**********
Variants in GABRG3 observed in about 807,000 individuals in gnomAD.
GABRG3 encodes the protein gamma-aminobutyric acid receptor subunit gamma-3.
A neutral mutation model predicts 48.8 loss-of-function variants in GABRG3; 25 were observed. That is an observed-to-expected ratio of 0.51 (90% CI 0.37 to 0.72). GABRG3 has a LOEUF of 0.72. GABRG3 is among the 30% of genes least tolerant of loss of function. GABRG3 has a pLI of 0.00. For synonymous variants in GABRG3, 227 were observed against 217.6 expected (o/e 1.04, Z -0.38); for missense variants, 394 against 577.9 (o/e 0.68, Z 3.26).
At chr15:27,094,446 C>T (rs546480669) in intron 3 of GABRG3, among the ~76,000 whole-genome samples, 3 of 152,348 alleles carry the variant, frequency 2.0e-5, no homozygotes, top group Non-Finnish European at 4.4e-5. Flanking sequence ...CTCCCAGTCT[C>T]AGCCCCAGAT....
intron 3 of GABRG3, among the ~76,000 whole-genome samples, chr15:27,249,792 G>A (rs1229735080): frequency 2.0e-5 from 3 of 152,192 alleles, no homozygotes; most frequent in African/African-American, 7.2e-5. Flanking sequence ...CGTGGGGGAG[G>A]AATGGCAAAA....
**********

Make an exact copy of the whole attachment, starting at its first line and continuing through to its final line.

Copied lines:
Variants in GABRG3 observed in about 807,000 individuals in gnomAD.
GABRG3 encodes the protein gamma-aminobutyric acid receptor subunit gamma-3.
A neutral mutation model predicts 48.8 loss-of-function variants in GABRG3; 25 were observed. That is an observed-to-expected ratio of 0.51 (90% CI 0.37 to 0.72). GABRG3 has a LOEUF of 0.72. GABRG3 is among the 30% of genes least tolerant of loss of function. GABRG3 has a pLI of 0.00. For synonymous variants in GABRG3, 227 were observed against 217.6 expected (o/e 1.04, Z -0.38); for missense variants, 394 against 577.9 (o/e 0.68, Z 3.26).
At chr15:27,094,446 C>T (rs546480669) in intron 3 of GABRG3, among the ~76,000 whole-genome samples, 3 of 152,348 alleles carry the variant, frequency 2.0e-5, no homozygotes, top group Non-Finnish European at 4.4e-5. Flanking sequence ...CTCCCAGTCT[C>T]AGCCCCAGAT....
intron 3 of GABRG3, among the ~76,000 whole-genome samples, chr15:27,249,792 G>A (rs1229735080): frequency 2.0e-5 from 3 of 152,192 alleles, no homozygotes; most frequent in African/African-American, 7.2e-5. Flanking sequence ...CGTGGGGGAG[G>A]AATGGCAAAA....